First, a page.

Late year releases, many expanding, dominate the specialized market this weekend. By far the biggest, "Zero Dark Thirty," is mainly playing in upscale multiplexes, providing fierce competition to such already strong wide releases as "Django Unchained" and "Les Miserables."
"Dark Thirty"'s performance was the standout. A range of other films are performing adequately, with many awaiting Thursday's Oscar nominations to determine their future expansion. Among more limited films, "56 Up" opened quite strong in New York, and "Amour"'s numbers went up in its three theaters.
"56 Up" (1st Run Features) - Metacritic Score: 80; Festivals include: Hamptons 2012
$20,500 in 1 theater; PSA (per screen average): $20,500
The eighth edition of Michael Apted's life-long (literally) British TV documentary tracing a group of ordinary English people has been a theatrical perennial every seven years since "28 Up" first hit U.S. theaters in the 1980s (at that point distributed by the Samuel Goldwyn Company). The same kids first seen 49 years ago in the U.K. have been filmed every seven years, then broadcast in Britain, with the last five episodes released to theaters in the U.S. This time around, it looks as strong as ever, with one of the best openings for a documentary in New York in some time.
Playing at the IFC Center, this gross seems stronger than "49 Up," which was released in a different pattern -- 21 theaters did $53,000, for a PSA of around $2,500 spread around the country. "42 Up" opened in five for a PSA of $11,600. Both films ended up at only $300,000 or less, so this initial gross doesn't mean this will be a breakout success.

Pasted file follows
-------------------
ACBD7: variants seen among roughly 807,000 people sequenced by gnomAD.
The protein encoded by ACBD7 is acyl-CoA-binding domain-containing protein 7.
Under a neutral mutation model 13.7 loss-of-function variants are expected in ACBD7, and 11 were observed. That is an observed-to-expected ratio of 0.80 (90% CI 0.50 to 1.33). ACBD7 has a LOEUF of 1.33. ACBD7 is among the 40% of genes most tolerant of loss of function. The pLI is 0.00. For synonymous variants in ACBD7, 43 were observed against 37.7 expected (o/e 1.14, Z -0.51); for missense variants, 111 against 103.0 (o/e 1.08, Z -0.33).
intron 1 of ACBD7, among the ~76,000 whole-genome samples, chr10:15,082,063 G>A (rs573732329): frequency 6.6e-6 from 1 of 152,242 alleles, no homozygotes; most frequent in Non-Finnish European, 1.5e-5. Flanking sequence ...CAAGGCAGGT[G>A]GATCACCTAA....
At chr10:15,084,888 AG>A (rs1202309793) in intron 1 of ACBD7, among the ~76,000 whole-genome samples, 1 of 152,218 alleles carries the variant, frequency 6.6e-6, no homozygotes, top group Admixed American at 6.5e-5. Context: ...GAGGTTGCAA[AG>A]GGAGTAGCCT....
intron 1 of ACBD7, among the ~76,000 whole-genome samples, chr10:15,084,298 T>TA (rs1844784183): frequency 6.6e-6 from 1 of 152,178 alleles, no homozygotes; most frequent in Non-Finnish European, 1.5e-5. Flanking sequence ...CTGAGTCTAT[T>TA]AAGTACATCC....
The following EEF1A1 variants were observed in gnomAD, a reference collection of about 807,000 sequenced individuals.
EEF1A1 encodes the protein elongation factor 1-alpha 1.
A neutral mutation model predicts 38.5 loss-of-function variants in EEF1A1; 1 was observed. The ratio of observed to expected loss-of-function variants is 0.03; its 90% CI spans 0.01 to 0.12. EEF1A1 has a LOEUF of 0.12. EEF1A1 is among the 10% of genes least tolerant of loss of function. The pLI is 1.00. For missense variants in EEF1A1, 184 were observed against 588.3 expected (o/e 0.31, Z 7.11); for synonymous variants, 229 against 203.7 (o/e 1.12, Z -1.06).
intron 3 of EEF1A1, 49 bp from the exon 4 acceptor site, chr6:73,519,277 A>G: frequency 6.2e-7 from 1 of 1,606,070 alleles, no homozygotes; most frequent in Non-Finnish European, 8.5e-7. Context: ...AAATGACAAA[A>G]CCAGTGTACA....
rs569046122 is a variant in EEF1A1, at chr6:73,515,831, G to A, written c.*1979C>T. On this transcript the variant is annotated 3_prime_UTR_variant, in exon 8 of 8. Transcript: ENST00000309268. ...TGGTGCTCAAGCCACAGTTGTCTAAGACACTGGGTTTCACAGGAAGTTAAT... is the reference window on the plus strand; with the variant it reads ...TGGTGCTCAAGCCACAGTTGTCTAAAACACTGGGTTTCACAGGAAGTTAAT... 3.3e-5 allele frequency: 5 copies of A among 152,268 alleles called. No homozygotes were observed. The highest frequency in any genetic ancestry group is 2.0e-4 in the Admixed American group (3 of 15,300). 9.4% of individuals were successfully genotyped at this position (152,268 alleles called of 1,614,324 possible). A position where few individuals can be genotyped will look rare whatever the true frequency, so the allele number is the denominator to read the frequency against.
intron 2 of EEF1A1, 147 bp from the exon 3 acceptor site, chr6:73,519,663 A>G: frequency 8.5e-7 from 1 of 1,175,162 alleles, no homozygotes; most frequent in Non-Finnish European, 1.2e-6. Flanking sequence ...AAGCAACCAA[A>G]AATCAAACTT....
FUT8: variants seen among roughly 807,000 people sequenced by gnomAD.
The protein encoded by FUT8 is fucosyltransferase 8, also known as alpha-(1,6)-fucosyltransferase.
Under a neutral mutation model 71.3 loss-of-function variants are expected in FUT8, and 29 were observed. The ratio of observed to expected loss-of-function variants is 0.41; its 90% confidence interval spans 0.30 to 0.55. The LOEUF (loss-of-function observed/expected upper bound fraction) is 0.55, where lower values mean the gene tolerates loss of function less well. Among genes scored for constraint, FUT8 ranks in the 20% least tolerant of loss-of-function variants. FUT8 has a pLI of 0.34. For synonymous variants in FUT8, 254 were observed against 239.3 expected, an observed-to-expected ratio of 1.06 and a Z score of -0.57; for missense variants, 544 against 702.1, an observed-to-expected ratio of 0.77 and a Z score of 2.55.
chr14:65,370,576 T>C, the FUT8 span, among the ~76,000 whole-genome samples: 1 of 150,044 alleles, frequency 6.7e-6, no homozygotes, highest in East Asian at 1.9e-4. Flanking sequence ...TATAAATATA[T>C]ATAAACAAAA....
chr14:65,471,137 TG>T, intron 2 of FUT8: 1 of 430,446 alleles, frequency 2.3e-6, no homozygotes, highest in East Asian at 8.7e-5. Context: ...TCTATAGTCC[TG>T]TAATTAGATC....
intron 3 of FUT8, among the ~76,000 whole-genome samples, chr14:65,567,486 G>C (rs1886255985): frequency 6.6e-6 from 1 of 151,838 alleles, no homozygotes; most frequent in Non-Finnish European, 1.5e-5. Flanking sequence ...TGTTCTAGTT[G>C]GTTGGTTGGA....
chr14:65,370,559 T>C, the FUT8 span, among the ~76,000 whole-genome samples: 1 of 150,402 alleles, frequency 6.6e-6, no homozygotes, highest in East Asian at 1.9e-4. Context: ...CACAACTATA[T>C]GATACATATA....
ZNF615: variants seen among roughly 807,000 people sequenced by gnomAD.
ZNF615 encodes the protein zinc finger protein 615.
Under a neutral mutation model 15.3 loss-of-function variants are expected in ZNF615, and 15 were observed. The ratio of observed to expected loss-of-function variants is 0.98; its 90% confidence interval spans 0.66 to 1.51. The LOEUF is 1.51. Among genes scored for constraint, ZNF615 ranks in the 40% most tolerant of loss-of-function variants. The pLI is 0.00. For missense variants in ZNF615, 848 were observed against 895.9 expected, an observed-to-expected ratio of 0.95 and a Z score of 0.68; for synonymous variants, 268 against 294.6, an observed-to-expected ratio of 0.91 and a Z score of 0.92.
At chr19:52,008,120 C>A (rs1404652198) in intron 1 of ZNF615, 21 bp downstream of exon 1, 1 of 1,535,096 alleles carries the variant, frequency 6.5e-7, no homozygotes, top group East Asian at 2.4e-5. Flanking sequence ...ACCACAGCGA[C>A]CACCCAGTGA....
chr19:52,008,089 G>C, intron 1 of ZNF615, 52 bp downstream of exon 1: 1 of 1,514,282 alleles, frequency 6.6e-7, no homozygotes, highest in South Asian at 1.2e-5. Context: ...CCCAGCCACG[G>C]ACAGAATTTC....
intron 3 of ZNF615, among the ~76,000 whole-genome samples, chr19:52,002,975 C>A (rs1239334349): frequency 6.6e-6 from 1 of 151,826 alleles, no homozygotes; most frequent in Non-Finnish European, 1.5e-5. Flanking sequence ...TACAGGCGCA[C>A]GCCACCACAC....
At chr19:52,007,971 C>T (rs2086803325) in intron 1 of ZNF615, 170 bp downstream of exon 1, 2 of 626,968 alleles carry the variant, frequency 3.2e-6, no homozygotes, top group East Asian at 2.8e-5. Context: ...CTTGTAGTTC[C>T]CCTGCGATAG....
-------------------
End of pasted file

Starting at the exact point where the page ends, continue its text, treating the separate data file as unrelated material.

But the series -- buttressed by consistent DVD and cable availability over the years -- has developed a loyal following, which this initial opening suggests is as strong as ever.
What comes next: More theatrical runs, including Los Angeles' Nuart in a couple weeks, supplemented by heavy home viewing (and new fans catching up with previous episodes.)
"Zero Dark Thirty" (Sony) - Week 3
$2,750,000 in 60 theaters (+55); PSA: $45,833; Cumulative: $3,417,000
A substantial expansion -- limited runs in new cities and additional runs in already-opened New York and Los Angeles -- proved bountiful for Sony in advance of the 2,400 theater wide break next weekend. Showing that the appeal ranges beyond the awards and review-bolstered initial opening (sometimes, like "The Master," not a guarantee of future success), these grosses suggest a bright future for Kathryn Bigelow's Bin Laden-hunt film.
What is critical is that these new runs come after the controversy that has surrounded the film, with a drumbeat of attacks (with various motivations, including political) keeping the film in the news. The net effect so far doesn't seem negative. Playing mainly at top-level multiplexes (Sony for the most part is not going to core specialized theaters), it ranked #1 at 29 of its 30 theaters, and 51 of its 60 overall, despite the strength of several other films in the market this weekend.
Some comparisons "Midnight in Paris" in its expansion to 58 theaters had a PSA of $33,000. "The Best Exotic Marigold Hotel" at 178 theaters (three times as many) had the same $2.7 million gross. Bigelow's own "The Hurt Locker" also went to 60 theaters, for a PSA a quarter as good: $10,700.
None of these films had what "Zero Dark Thirty" has for its next phase -- a wide release, backed by a nationwide TV campaign, timed to follow immediately after the Oscar nominations. This weekend's great performance doesn't indicate for certain what this will do, but at a minimum it is almost certain to outgross all of the above films ("Midnight in Paris" fared the best at $57 million), and likely by some margin.
What comes next: This has all been strategized to maximize a tricky film for mass, rather than just specialized, audiences. So far it seems to be a major success. But it will take next weekend (and beyond) to tell where this is ultimately headed. A #1 showing next weekend (with major competition) could put this back into the middle of the Best Picture race and more.